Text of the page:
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In the world of celestial events, few moments rival the sublime spectacle of a solar eclipse. On April 8th, a Total Solar Eclipse will cross North America, passing over many cities. For dedicated eclipse hunters, the thrill of witnessing the sun disappear behind the moon, casting an ethereal shadow upon the Earth, is a culmination of months—if not years—of anticipation and meticulous planning. Picture the scene: you've identified the optimal time and location to witness the celestial spectacle of totality. As the moon slowly creeps across the face of the sun, the world around you transforms, with shadows shifting and the horizon ablaze in a breathtaking sunset. All that stands between you and a healthy experience taking in the eclipse is the simple act of donning your solar eclipse glasses as eye protection.

Total eclipse photo by Drew Rae from Pexels

Is it safe to look at the sun without eye protection? The answer is unequivocally no.

If one looks at the sun without eye protection, there are risks of permanent vision loss, known as solar retinopathy, best prevented by wearing eclipse glasses. Even a brief exposure, less than a minute, to a solar eclipse without protection can result in permanent decreased visual acuity, typically manifesting as a central visual field defect called a scotoma. Solar retinopathy may also lead to symptoms such as blurry vision, straight lines appearing wavy or distorted, objects seeming smaller than their actual size, and difficulty perceiving colors accurately. In addition to the visual changes, solar retinopathy may also cause photophobia and headaches. The diagnosis is confirmed by a full ophthalmology assessment in the days following the eclipse. Risk factors for solar retinopathy include young age, having a clear intraocular lens, taking photosensitizing drugs such as tetracyclines and psoralens, and individuals with mental impairment, psychiatric disease, or under the influence of cognition-altering drugs.

Solar retinopathy occurs due to excessive light energy harming the fovea region within the macula at the back of the eye. The retina does not have pain receptors to signify impending visual damage. This damage can be likened to using a magnifying glass to focus sunlight and burn an object, except in this case, the cells in the back of your eyeball are affected. Alternatively, this can be akin to “getting a sunburn on the back of your eye”. While gazing too long at the sun during a solar eclipse is a classical example of this type of damage, welding arcs, laser pointers, and specialized microscopes can also result in light-induced harm to the back of the eye.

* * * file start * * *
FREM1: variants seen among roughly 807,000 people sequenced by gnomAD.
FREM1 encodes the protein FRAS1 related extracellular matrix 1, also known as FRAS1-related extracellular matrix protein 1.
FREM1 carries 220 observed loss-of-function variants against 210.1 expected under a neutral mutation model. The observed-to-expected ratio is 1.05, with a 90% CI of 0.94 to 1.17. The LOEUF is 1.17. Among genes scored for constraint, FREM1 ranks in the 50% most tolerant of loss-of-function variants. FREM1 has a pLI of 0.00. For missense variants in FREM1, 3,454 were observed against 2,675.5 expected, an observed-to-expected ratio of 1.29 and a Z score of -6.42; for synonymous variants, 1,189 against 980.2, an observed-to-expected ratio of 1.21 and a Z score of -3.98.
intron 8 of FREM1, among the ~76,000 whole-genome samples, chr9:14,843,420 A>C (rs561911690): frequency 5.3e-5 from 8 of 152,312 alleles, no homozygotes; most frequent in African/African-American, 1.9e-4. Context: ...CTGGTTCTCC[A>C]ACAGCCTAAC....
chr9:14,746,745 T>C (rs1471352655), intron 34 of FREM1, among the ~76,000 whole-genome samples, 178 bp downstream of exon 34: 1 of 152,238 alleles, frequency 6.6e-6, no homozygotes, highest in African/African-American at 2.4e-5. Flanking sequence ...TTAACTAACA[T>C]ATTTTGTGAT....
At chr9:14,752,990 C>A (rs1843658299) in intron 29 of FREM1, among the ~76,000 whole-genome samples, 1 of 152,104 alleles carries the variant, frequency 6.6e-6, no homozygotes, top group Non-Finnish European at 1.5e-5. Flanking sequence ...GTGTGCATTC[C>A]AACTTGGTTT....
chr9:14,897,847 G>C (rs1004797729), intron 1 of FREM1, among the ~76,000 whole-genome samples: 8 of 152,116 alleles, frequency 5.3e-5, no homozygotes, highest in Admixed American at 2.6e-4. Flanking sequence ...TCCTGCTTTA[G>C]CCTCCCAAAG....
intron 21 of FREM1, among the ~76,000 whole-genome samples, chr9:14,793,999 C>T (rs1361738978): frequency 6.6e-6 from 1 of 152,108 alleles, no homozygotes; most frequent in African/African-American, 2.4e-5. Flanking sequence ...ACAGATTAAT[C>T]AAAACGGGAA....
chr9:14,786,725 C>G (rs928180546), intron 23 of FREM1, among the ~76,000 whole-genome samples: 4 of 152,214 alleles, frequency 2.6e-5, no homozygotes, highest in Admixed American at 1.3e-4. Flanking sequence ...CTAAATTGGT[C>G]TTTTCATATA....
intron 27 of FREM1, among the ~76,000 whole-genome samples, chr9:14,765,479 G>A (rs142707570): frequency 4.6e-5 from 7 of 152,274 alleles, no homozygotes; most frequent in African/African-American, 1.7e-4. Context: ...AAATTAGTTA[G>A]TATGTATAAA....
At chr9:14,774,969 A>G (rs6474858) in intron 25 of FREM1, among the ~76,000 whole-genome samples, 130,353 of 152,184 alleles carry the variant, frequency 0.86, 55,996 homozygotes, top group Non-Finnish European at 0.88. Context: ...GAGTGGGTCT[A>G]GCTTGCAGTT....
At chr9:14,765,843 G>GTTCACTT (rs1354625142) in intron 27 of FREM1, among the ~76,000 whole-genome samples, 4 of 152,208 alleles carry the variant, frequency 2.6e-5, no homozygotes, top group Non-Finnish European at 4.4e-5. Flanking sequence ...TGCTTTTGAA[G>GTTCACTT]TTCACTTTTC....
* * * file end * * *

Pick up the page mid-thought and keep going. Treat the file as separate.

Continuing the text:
To date, there is no known treatment for solar retinopathy.  Visual acuity is expected to gradually improve over 3-6 months, although some people may suffer permanent vision loss.

To prevent solar retinopathy, one must wear eye protection outdoors when attempting to look at the sun. The glasses must include solar filters that meet the ISO 12312-2 standard for macular protection when viewing the sun or eclipse. Typical UV-protective sunglasses do not meet these standards. The American Astronomical Society has prepared information confirming the safety of solar eclipse glasses, as well as a list of suppliers that meet the ISO 12312-2 safety standard. Confirm any eclipse eye protection is purchased from a reputable retailer.

It is essential to familiarize yourself with eclipse solar filters before the eclipse occurs, which may be either glasses or handheld solar filters. To confirm the solar filter eye protection is safe, you should only be able to see the sun, not any household lamps or smartphone screens when looking through the filter. The filter should be in working condition, without tears, scratches, punctures, or gaps between the edges of the lenses and frames. In the event eclipse glasses or a handheld solar filter are not available or are damaged, a pinhole projection could be used, but this still requires avoiding looking directly into the sun. Although tempting to take a “sneak peak” without eye protection, the only time one can safely look towards the sun during the eclipse without eye protection is during totality, the up to 4.5-minute interval when the moon completely blocks the sun. If eye protection is faulty or damaged or one removes eye protection outside the window of eclipse totality, there is an increased risk of vision damage. 

While watching the eclipse, use protective eyewear to protect your eyes from solar retinopathy and form a plan for a safe eclipse experience. If vision damage is suspected following an eclipse, one should seek care in the days following the eclipse with an Ophthalmologist, who can perform an exam to visualize damage to the eye. Emergency evaluation is not necessary as standard radiography and echography will be normal. An eclipse is a natural wonder but one best experienced with planning and vision precautions.

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